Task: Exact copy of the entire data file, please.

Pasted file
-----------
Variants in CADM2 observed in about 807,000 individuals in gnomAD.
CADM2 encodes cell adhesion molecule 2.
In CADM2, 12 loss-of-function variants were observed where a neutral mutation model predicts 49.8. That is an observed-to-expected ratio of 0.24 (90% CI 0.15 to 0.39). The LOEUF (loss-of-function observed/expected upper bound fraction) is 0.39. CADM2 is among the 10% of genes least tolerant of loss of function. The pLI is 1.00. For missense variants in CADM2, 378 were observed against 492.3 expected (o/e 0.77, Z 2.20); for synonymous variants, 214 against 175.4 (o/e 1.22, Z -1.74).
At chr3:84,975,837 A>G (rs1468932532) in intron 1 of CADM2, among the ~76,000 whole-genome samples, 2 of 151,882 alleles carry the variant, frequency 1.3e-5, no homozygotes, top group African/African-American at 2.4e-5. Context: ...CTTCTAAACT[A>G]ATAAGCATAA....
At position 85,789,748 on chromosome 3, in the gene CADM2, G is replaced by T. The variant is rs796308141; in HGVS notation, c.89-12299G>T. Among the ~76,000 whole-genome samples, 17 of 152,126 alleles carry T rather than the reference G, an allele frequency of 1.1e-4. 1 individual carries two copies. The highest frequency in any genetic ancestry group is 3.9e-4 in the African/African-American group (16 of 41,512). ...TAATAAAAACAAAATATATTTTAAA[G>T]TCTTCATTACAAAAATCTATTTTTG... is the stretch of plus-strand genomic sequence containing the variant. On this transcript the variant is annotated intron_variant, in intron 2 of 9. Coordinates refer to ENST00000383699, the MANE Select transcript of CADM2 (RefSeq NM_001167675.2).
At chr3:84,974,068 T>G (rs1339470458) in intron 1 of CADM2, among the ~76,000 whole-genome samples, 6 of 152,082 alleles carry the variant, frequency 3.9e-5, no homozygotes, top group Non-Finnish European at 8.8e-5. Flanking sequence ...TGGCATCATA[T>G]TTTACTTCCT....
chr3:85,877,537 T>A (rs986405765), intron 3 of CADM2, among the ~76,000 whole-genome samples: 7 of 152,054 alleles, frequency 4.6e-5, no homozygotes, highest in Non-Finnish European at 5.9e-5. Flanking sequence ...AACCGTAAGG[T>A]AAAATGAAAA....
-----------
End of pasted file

Variants in CADM2 observed in about 807,000 individuals in gnomAD.
CADM2 encodes cell adhesion molecule 2.
In CADM2, 12 loss-of-function variants were observed where a neutral mutation model predicts 49.8. That is an observed-to-expected ratio of 0.24 (90% CI 0.15 to 0.39). The LOEUF (loss-of-function observed/expected upper bound fraction) is 0.39. CADM2 is among the 10% of genes least tolerant of loss of function. The pLI is 1.00. For missense variants in CADM2, 378 were observed against 492.3 expected (o/e 0.77, Z 2.20); for synonymous variants, 214 against 175.4 (o/e 1.22, Z -1.74).
At chr3:84,975,837 A>G (rs1468932532) in intron 1 of CADM2, among the ~76,000 whole-genome samples, 2 of 151,882 alleles carry the variant, frequency 1.3e-5, no homozygotes, top group African/African-American at 2.4e-5. Context: ...CTTCTAAACT[A>G]ATAAGCATAA....
At position 85,789,748 on chromosome 3, in the gene CADM2, G is replaced by T. The variant is rs796308141; in HGVS notation, c.89-12299G>T. Among the ~76,000 whole-genome samples, 17 of 152,126 alleles carry T rather than the reference G, an allele frequency of 1.1e-4. 1 individual carries two copies. The highest frequency in any genetic ancestry group is 3.9e-4 in the African/African-American group (16 of 41,512). ...TAATAAAAACAAAATATATTTTAAA[G>T]TCTTCATTACAAAAATCTATTTTTG... is the stretch of plus-strand genomic sequence containing the variant. On this transcript the variant is annotated intron_variant, in intron 2 of 9. Coordinates refer to ENST00000383699, the MANE Select transcript of CADM2 (RefSeq NM_001167675.2).
At chr3:84,974,068 T>G (rs1339470458) in intron 1 of CADM2, among the ~76,000 whole-genome samples, 6 of 152,082 alleles carry the variant, frequency 3.9e-5, no homozygotes, top group Non-Finnish European at 8.8e-5. Flanking sequence ...TGGCATCATA[T>G]TTTACTTCCT....
chr3:85,877,537 T>A (rs986405765), intron 3 of CADM2, among the ~76,000 whole-genome samples: 7 of 152,054 alleles, frequency 4.6e-5, no homozygotes, highest in Non-Finnish European at 5.9e-5. Flanking sequence ...AACCGTAAGG[T>A]AAAATGAAAA....